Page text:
13 Things Millennials Really Want in a Grocery Store (We Are Looking at You, Whole Foods)
On June 11, Whole Foods announced the launch of their latest grocery store chain, 365, targeted specifically toward millennials seeking budget-friendly organic and fresh foods. Whole Foods has seen a decrease in profits recently, forcing the chain to evaluate their market and strategy. The announcement of 365 is an impressive gesture toward those looking to eat well on a smaller wallet, stay on trend with organic produce, and invest in quality food. There are quite a few members of the millennial generation on staff at Cooking Light, myself included, so this is our offering of what we'd really like to see in a grocery store experience. Just a heads-up: Millennials have an excellent sense of humor and sarcasm, so please take this list as you will (this is especially for you, Gen Xers and Boomers, etc.).
Obviously, millennials can only ingest online content via listicle, so let's, like, get started:
13. Smartphone Holders on CartsWho writes paper lists anymore? We'd like to call for mounts that are attached to our carts in order to easily check off items on our list. Target has those in-store Starbucks cup holders, so we deserve some justice for our phones/tablet laptops/Apple Watch/iPads, etc.
12. Speaking of Carts ...Remember those mini child-sized carts you'd beg your mom to let you use around Trader Joes? (That place is still magical; Grocery Store CEOs please take note.) I remember my heightened sense of purpose with my own personal-size shopping cart, so please follow suit. Sure, this might be standard-size carts that already exist, but we want to feel special. Make it happen.
11. Student Discounts on Bulk ItemsIt's totally unfair that books cost about the same as a can of Folgers, rolls of toilet paper, and a six-pack. We can't be spending all this cash on paper we throw away. Help us out with a little deal now and again. Veterans get their well-deserved discounts; just think of us as veterans of academia.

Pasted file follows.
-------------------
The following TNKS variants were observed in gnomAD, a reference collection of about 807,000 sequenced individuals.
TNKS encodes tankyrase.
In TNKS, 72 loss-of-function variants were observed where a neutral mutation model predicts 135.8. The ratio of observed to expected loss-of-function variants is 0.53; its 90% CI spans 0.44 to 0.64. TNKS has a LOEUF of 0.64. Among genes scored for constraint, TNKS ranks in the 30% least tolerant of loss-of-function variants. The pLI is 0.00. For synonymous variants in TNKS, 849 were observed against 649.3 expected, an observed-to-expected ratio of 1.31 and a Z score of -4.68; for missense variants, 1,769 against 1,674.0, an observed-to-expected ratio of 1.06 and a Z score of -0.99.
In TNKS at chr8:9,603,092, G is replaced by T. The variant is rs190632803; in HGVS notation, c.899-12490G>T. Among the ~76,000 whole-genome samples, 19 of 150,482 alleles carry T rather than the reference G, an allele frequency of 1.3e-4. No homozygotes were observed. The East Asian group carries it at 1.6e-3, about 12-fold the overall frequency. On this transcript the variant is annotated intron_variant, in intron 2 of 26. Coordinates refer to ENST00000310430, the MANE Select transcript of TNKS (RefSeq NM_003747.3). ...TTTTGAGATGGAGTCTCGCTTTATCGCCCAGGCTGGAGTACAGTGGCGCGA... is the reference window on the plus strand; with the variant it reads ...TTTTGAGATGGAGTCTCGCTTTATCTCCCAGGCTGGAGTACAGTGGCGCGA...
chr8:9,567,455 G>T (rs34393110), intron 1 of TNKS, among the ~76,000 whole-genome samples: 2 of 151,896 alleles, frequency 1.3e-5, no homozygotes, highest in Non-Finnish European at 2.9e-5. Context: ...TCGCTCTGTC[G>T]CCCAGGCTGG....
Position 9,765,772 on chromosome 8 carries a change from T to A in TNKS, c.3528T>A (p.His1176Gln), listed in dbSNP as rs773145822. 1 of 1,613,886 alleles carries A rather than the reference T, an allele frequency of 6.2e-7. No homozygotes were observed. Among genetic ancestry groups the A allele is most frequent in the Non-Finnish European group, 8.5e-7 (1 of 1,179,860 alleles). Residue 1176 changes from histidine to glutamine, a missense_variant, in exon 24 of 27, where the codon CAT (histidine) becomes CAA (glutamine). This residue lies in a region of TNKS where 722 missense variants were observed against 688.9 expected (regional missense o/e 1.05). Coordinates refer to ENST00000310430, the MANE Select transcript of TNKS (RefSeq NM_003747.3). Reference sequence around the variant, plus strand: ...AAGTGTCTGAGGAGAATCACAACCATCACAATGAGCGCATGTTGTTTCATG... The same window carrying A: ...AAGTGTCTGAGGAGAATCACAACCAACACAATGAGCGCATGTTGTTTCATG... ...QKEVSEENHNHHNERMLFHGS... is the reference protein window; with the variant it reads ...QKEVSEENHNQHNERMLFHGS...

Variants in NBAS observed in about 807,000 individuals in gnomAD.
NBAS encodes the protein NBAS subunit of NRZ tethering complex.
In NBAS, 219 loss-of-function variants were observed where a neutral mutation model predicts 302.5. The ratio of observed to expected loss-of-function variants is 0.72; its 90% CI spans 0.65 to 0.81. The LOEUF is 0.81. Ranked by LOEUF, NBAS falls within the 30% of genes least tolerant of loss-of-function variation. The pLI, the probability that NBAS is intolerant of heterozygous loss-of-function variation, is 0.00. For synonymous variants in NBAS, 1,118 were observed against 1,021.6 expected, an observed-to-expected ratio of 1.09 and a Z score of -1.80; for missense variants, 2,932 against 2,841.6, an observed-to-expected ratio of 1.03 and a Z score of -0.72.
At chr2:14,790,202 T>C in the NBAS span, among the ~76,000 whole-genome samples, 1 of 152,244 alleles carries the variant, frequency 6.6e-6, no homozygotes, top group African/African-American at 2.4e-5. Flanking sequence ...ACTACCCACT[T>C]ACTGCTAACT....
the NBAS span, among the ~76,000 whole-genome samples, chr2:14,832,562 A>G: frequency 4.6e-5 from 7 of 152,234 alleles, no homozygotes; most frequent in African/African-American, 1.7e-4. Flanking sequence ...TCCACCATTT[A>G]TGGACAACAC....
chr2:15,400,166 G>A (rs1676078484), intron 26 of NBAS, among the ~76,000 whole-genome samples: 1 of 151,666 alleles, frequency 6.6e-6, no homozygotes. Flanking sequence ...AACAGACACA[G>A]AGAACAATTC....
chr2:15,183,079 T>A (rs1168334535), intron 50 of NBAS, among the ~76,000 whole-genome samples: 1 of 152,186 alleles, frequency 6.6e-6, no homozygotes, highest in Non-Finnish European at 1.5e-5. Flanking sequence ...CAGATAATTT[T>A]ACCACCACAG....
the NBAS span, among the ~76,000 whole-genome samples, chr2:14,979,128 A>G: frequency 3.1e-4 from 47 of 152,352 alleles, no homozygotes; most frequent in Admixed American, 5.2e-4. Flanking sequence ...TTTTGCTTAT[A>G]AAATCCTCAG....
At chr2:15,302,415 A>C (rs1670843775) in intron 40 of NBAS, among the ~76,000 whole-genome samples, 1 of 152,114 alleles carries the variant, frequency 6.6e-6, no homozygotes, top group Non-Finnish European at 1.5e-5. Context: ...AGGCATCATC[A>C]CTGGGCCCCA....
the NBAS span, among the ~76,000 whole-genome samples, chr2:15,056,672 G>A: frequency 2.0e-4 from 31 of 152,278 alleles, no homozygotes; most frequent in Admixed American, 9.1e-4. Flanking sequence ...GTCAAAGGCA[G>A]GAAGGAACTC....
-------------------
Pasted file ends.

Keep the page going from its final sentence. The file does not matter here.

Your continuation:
10. Taylor Swift's 1989 on LoopIt never goes out of Style.
9. More Samples!There is a reason why we can tolerate the lines at Costco on Sunday around lunchtime—there is essentially a meal waiting on sample trays, and the only payment we need is a smile and a polite "thank you" to the designated sample host. Small squares of protein bars, tiny cups of sports drinks, and two crackers with crab spread—free food is great food. Let's standardize this sample system and millennials will be flocking to the stores. #moresamples
8. Mom Chauffeurs Let's face it, we can't do anything without our moms. Can we get someone to hold our hands through the aisles of Pop-Tarts and frozen pizza?
7. More Bearded Men, Plaid Shirts, Hipster MustachesYes, please!
6. Craft Product HeavenIt might be a proven fact that we will definitely go out of our way for the world's tiniest jar of jam just because it is labeled small-batch, craft, or local. We, as millennials, love boasting via Instagram that we support small businesses and niche products. Stock our shelves with sweet pickles from the Tennessee Valley, peanut butter made out of the world's finest legumes, or some other pretentious nonsense and we will most certainly purchase it, ironically or not.
5. Live Music on the Patio (The Figurative One)Basically please make the grocery store experience as close to the Sunday farmers' market as possible. We'd love to see local artists while we shop for our organic kale and other juicing ingredients, even if we have to deal with fluorescent lights. Speaking of ...
4. Fluorescent Lighting Is the Worst. Get Rid of It.Basically string tea lights everywhere—maybe mason jars?
3. GPS Throughout the StoreThis might get a little Big Brother, but can we get some help navigating the grocery store? Why on earth are raisins next to the popcorn? People, quinoa doesn't have to be in three different sections, we get it already. Let's propose a Google Maps for the grocery store, with pinpoints for each hard-to-find item.
2. Give It to Us StraightThis doesn't just apply to millennials, but why can't we easily figure out what food is good food in the grocery store? What is "natural" versus organic, conventional, or otherwise? Why do we have to decipher nutritional literature to figure out why fat-free yogurt has a crazy amount of sugar? Let's just bring back the grading system—everybody wants straight A's! We all understand that ramen noodles get an F, OK?
1. Screw It, Can't We Just Get It Delivered?Via drone, specifically. Get it done, people—maybe we will even tweet about it.